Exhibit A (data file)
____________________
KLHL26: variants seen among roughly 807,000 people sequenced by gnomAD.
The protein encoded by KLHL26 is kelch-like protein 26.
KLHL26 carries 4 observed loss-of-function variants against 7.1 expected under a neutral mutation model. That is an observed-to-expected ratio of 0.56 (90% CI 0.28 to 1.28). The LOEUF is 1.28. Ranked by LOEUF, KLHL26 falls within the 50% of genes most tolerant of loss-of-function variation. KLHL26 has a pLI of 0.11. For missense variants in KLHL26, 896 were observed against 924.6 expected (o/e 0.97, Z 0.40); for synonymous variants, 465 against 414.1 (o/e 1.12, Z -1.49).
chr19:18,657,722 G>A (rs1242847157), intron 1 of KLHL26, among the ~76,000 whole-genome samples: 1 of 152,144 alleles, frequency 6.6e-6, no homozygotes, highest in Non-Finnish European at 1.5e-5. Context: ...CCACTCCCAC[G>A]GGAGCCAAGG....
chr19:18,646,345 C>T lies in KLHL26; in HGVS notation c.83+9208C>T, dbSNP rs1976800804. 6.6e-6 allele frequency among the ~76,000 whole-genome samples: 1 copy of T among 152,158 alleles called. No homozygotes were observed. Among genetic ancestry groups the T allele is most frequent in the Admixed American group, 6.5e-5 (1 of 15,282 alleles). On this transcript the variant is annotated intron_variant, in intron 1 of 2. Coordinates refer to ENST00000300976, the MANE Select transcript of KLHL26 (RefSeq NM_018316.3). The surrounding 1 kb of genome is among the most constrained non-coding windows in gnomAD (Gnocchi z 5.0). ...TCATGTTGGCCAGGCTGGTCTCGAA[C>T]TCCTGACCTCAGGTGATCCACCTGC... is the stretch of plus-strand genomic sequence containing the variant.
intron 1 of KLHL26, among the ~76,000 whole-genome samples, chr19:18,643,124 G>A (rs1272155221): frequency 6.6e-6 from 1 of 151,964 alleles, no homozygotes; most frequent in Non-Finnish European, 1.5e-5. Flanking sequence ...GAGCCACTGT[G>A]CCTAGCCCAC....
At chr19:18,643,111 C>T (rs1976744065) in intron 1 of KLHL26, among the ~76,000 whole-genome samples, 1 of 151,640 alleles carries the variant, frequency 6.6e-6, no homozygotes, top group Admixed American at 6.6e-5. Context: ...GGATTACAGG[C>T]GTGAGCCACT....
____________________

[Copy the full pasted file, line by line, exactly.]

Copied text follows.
KLHL26: variants seen among roughly 807,000 people sequenced by gnomAD.
The protein encoded by KLHL26 is kelch-like protein 26.
KLHL26 carries 4 observed loss-of-function variants against 7.1 expected under a neutral mutation model. That is an observed-to-expected ratio of 0.56 (90% CI 0.28 to 1.28). The LOEUF is 1.28. Ranked by LOEUF, KLHL26 falls within the 50% of genes most tolerant of loss-of-function variation. KLHL26 has a pLI of 0.11. For missense variants in KLHL26, 896 were observed against 924.6 expected (o/e 0.97, Z 0.40); for synonymous variants, 465 against 414.1 (o/e 1.12, Z -1.49).
chr19:18,657,722 G>A (rs1242847157), intron 1 of KLHL26, among the ~76,000 whole-genome samples: 1 of 152,144 alleles, frequency 6.6e-6, no homozygotes, highest in Non-Finnish European at 1.5e-5. Context: ...CCACTCCCAC[G>A]GGAGCCAAGG....
chr19:18,646,345 C>T lies in KLHL26; in HGVS notation c.83+9208C>T, dbSNP rs1976800804. 6.6e-6 allele frequency among the ~76,000 whole-genome samples: 1 copy of T among 152,158 alleles called. No homozygotes were observed. Among genetic ancestry groups the T allele is most frequent in the Admixed American group, 6.5e-5 (1 of 15,282 alleles). On this transcript the variant is annotated intron_variant, in intron 1 of 2. Coordinates refer to ENST00000300976, the MANE Select transcript of KLHL26 (RefSeq NM_018316.3). The surrounding 1 kb of genome is among the most constrained non-coding windows in gnomAD (Gnocchi z 5.0). ...TCATGTTGGCCAGGCTGGTCTCGAA[C>T]TCCTGACCTCAGGTGATCCACCTGC... is the stretch of plus-strand genomic sequence containing the variant.
intron 1 of KLHL26, among the ~76,000 whole-genome samples, chr19:18,643,124 G>A (rs1272155221): frequency 6.6e-6 from 1 of 151,964 alleles, no homozygotes; most frequent in Non-Finnish European, 1.5e-5. Flanking sequence ...GAGCCACTGT[G>A]CCTAGCCCAC....
At chr19:18,643,111 C>T (rs1976744065) in intron 1 of KLHL26, among the ~76,000 whole-genome samples, 1 of 151,640 alleles carries the variant, frequency 6.6e-6, no homozygotes, top group Admixed American at 6.6e-5. Context: ...GGATTACAGG[C>T]GTGAGCCACT....